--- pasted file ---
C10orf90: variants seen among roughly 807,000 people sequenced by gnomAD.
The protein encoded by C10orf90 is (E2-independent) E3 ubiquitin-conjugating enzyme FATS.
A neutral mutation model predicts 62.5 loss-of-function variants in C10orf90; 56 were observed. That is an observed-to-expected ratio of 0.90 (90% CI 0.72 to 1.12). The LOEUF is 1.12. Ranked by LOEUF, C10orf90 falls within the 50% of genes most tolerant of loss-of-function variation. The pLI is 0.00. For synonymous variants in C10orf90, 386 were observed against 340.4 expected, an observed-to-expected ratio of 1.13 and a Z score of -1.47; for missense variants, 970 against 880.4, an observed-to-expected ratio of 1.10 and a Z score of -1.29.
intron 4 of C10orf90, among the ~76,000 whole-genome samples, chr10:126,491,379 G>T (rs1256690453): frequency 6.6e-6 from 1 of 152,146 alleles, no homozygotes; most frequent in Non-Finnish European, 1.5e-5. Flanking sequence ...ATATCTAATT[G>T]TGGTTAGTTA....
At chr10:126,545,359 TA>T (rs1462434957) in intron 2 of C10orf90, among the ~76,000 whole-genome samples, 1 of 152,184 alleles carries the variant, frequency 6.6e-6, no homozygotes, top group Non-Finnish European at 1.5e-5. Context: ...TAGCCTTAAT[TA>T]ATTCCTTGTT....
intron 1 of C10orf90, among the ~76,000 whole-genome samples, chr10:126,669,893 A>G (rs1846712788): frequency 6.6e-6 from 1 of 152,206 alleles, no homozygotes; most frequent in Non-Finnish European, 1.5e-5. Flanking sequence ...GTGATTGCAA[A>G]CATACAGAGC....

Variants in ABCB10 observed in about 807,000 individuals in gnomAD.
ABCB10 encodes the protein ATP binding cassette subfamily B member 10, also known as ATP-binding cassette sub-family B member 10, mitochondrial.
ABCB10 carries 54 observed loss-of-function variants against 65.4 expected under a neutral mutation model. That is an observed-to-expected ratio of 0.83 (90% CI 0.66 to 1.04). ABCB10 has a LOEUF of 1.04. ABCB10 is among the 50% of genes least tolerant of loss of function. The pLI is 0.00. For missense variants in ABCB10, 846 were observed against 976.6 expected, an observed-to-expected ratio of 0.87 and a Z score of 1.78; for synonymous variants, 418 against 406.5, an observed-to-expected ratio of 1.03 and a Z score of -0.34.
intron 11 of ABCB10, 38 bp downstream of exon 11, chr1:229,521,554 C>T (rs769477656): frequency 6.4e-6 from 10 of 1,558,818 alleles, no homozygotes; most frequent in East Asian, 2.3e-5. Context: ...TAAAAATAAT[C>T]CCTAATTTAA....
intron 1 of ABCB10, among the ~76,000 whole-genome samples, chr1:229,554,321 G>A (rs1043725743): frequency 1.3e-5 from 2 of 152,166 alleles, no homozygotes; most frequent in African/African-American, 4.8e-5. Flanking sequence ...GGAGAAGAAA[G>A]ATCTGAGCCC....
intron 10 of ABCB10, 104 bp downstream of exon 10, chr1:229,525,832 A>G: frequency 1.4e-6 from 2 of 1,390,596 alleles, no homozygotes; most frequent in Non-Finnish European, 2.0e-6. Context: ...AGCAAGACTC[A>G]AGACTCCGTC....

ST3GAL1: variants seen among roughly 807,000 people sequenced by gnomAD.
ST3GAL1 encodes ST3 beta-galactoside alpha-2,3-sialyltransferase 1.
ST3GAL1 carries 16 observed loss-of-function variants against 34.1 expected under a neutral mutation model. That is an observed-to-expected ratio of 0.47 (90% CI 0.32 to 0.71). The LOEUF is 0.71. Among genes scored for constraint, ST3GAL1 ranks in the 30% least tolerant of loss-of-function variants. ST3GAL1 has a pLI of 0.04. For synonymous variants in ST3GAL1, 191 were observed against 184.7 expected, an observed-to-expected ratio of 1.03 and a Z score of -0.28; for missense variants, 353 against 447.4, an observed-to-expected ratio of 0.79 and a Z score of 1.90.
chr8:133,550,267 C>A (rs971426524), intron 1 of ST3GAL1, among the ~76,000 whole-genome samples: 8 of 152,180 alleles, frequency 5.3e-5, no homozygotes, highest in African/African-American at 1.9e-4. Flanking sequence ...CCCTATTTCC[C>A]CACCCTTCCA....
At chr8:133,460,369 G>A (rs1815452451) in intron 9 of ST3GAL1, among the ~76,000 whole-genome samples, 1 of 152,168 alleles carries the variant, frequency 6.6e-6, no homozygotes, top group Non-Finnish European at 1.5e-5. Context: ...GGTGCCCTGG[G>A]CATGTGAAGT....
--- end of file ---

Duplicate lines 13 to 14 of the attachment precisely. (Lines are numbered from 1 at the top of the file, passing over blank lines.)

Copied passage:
ST3GAL1: variants seen among roughly 807,000 people sequenced by gnomAD.
ST3GAL1 encodes ST3 beta-galactoside alpha-2,3-sialyltransferase 1.